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Money dominates Chinese New Year

For many Chinese, the Year of the Tiger promises to roar in more economic prowess and global clout for their country, but couples planning to get married are better off waiting until 2011.

Money dominates Chinese New Year

Despite decades of rule by the officially atheist Communist Party, superstition is common in China, and certain popular beliefs have surged in popularity following landmark economic reforms started in the late 1970s.

Twelve animals make up the traditional Chinese zodiac, with each year having its own peculiar and unique beliefs, some specific to certain provinces, such as being especially an auspicious time to give birth or open a new business.

The tiger sign is believed to bring with it mythical heroic powers, but the coming lunar new year is said to be an inauspicious one for marriage.

“If you marry this year, your husband may die earlier,” said Joyce Lin, 25, a university graduate. “My parents are not superstitious, so I am also not, but in our opinion it is not a good time for marriage.

In the poor eastern inland province of Anhui, some people think that having a “tiger baby” is not a good idea, lest the child be too aggressive.

Babies born in the afternoon are seen as “hungry tigers”, meaning they will have problems finding food later in life, some Anhui residents believe.

But many younger Chinese choose to follow only certain traditions.

Huo Yuan, 20, said she planned to make dumplings with her family on the lunar new year eve, which falls on February 13, and would avoid cutting her hair.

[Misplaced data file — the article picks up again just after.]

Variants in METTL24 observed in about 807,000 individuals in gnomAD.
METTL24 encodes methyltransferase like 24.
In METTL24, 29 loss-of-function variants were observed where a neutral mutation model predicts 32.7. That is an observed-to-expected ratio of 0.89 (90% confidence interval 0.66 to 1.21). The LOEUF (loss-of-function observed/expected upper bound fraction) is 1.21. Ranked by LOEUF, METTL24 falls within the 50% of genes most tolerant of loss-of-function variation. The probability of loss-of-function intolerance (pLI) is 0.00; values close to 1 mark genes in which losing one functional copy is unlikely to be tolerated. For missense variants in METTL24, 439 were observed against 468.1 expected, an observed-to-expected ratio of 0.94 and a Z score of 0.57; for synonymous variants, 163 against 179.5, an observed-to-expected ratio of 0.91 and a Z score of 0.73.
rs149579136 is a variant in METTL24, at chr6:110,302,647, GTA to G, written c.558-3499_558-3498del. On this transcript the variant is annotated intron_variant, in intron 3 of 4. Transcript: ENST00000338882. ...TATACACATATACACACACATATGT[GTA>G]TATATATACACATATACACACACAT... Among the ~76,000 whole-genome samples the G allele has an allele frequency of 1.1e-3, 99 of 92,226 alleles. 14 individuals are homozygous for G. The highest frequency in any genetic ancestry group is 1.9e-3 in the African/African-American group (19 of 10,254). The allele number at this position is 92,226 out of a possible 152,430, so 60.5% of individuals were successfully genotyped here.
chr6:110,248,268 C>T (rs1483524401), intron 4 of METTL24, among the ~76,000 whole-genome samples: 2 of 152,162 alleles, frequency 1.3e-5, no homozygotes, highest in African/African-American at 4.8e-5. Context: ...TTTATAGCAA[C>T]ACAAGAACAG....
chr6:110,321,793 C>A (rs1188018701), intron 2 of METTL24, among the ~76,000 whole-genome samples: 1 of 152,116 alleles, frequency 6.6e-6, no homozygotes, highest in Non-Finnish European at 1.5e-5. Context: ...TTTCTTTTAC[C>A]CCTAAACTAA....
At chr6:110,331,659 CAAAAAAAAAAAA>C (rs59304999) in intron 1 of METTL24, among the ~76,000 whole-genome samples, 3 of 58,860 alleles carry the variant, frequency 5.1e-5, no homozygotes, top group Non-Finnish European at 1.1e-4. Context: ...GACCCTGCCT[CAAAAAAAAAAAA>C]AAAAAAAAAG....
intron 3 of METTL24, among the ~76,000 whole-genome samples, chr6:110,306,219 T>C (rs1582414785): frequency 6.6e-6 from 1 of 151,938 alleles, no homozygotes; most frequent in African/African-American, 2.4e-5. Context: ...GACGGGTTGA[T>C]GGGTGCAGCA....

“From the eve, for one month, you cannot cut your hair. If you cut it you will die earlier,” said Yuan as she shopped with friends at a popular Beijing mall.

Zhang Yingzhou, a student in Beijing, said he would try not to buy new shoes for a month after the holiday.

“The word for shoes, ‘xie’, has the same sound as the word for something evil, so if you buy shoes it is like you are buying misfortune,” Zhang said.


For the economy though, the year of the tiger is expected to usher in an even stronger recovery than in 2010.

“The animal is full of energy and power,” said Raymond Lo, a Hong Kong-based feng shui master.

“Tiger is the birthplace of fire, it generates optimism in the stock market. We expect in the summertime, that the fire will get stronger and the stock market to be quite active,” he told Reuters.

Xiao Shuwen, 80, expected China would improve its standing on a global stage in 2010.

“Each year gets better and better. We have more trade and prosperity,” said the retired school teacher as she shopped for sweets ahead of the weekend celebrations in Beijing.

“We try and understand each country’s situation, this will be a good year for international dialogue and communication.”

In large Chinese cities, tiger paraphernalia is pervasive. Many western clothing stores in Beijing and Shanghai are displaying cut-out tiger photos in place of mannequin heads and streets are festooned with tiger emblems.

“Why? It’s the year of the tiger,” said one shop assistant in Beijing. “It is a tradition to display it like this.”


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